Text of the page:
Document Type

Capstone Experience

Graduation Date


Degree Name

Master of Public Health


Health Services Research & Administration

First Committee Member

David Palm

Second Committee Member

Ali Khan

Third Committee Member

Stephen Peters


In 2020, the SARS-CoV-2 (COVID19) outbreak effectively disrupted worldwide operation for months, leading to tremendous economic loss and adverse health outcomes. While countries grappled to control the virus and scientists worked around the clock to deliver a vaccine in record time, a pubic health communication crisis emerged. The spread of false and misleading information, also known as misinformation, has proved to be a barrier in the fight against COVID19 and its vaccination effort. Many factors including the rise of social media, distrust of government, polarization of news sources, and fragmented media have created an environment susceptible to misinformation. Utilized correctly, health messaging has the potential to be a tremendous resource for health promotion and messaging, especially during emergency situations. Framed messaging, when tailored to target and appeal to a specific population may serve to alleviate the effects of misinformation, specifically when targeting under-vaccinated groups. The relevance of this project is that it attempts to bring focus to the emergence of misinformation, and explores strategies deployed by regional public health departments across Nebraska. To this end, the goal of this work is to information future public health organizations about the options for successful public health messaging and guidance. A literature review was conducted, which collected and reviewed studies centered around messaging, vaccine hesitancy, and misinformation. A qualitative assessment was also conducted, through interview with four local Nebraska health department personnel to determine their actions and perceptions of the uses and power of misinformation. Interview questions centered around messaging strategies. Based on the results of the qualitative data, framed health messaging was effective in decreasing misinformation and increasing vaccine rates and might be a worthwhile strategy. However, further research is needed to determine how public health can be more effective in messaging framing to combat misinformation.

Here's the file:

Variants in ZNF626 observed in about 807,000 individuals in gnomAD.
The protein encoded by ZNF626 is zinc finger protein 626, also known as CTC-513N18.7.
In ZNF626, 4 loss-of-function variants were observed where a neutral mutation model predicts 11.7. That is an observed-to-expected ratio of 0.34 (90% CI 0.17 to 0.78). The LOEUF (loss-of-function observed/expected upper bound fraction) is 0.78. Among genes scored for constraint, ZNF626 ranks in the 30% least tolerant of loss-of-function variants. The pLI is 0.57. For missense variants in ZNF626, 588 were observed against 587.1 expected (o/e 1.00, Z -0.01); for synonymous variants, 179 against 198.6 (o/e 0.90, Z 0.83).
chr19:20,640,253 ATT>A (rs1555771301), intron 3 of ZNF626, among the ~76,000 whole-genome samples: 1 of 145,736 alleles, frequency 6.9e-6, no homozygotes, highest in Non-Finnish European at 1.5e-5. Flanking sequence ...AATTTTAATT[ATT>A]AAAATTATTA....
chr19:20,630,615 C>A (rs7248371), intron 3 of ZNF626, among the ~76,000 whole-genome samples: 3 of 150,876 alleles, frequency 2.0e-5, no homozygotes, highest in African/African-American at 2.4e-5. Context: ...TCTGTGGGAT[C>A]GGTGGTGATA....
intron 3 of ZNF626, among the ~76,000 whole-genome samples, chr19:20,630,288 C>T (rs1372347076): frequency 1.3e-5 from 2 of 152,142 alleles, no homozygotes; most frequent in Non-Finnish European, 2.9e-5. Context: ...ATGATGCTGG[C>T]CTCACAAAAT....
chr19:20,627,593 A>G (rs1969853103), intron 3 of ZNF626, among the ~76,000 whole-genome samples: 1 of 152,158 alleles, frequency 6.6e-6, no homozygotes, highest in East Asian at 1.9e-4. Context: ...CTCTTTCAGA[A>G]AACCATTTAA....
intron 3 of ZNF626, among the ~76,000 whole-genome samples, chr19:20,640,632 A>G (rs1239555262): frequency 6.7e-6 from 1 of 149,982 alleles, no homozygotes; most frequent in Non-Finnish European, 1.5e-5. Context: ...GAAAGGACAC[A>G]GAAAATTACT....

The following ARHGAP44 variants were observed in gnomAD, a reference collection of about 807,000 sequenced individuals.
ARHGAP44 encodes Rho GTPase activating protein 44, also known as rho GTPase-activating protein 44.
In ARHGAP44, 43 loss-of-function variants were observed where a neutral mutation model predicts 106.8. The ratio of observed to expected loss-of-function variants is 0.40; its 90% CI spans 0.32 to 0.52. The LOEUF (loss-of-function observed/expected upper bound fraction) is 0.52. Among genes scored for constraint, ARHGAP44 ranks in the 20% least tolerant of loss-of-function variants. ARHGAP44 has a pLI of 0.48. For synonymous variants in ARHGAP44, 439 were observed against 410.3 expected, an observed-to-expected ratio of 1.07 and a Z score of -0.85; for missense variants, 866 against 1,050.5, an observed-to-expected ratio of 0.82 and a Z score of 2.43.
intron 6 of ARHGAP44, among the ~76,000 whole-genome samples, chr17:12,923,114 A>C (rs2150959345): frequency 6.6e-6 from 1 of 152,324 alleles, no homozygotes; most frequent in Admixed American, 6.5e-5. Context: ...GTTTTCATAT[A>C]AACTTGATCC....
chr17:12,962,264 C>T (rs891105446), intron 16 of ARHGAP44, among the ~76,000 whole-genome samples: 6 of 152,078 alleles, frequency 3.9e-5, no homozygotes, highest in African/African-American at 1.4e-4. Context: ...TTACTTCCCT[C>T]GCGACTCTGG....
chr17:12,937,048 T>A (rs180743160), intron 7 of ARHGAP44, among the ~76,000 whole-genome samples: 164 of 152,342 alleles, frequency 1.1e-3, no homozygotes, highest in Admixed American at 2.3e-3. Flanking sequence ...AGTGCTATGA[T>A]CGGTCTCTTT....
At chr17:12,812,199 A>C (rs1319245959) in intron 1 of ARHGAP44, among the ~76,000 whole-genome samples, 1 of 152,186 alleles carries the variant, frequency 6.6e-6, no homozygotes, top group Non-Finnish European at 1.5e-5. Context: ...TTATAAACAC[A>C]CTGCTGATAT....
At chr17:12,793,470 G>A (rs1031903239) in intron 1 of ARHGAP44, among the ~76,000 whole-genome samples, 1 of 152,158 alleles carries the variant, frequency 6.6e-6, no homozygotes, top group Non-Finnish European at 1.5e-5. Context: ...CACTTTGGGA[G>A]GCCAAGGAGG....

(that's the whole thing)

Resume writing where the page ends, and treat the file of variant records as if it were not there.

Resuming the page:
Included in

Public Health Commons